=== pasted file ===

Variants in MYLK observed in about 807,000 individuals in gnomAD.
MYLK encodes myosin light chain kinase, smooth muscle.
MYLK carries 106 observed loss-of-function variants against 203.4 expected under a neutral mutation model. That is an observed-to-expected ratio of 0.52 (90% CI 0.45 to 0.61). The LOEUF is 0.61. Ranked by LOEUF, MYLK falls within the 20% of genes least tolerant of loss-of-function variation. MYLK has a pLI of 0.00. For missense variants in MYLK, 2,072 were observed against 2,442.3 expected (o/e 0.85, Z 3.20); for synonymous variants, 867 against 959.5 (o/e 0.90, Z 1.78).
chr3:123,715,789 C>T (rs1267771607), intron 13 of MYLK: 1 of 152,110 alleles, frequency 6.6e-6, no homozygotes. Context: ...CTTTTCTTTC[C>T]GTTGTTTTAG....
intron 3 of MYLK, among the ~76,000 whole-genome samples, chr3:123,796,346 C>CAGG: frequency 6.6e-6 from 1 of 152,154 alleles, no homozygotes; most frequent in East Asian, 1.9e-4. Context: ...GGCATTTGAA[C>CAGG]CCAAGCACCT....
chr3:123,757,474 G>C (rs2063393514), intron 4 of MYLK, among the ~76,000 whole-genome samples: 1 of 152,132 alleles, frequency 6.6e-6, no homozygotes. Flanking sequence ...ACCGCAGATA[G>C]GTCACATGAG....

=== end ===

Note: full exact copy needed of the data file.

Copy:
Variants in MYLK observed in about 807,000 individuals in gnomAD.
MYLK encodes myosin light chain kinase, smooth muscle.
MYLK carries 106 observed loss-of-function variants against 203.4 expected under a neutral mutation model. That is an observed-to-expected ratio of 0.52 (90% CI 0.45 to 0.61). The LOEUF is 0.61. Ranked by LOEUF, MYLK falls within the 20% of genes least tolerant of loss-of-function variation. MYLK has a pLI of 0.00. For missense variants in MYLK, 2,072 were observed against 2,442.3 expected (o/e 0.85, Z 3.20); for synonymous variants, 867 against 959.5 (o/e 0.90, Z 1.78).
chr3:123,715,789 C>T (rs1267771607), intron 13 of MYLK: 1 of 152,110 alleles, frequency 6.6e-6, no homozygotes. Context: ...CTTTTCTTTC[C>T]GTTGTTTTAG....
intron 3 of MYLK, among the ~76,000 whole-genome samples, chr3:123,796,346 C>CAGG: frequency 6.6e-6 from 1 of 152,154 alleles, no homozygotes; most frequent in East Asian, 1.9e-4. Context: ...GGCATTTGAA[C>CAGG]CCAAGCACCT....
chr3:123,757,474 G>C (rs2063393514), intron 4 of MYLK, among the ~76,000 whole-genome samples: 1 of 152,132 alleles, frequency 6.6e-6, no homozygotes. Flanking sequence ...ACCGCAGATA[G>C]GTCACATGAG....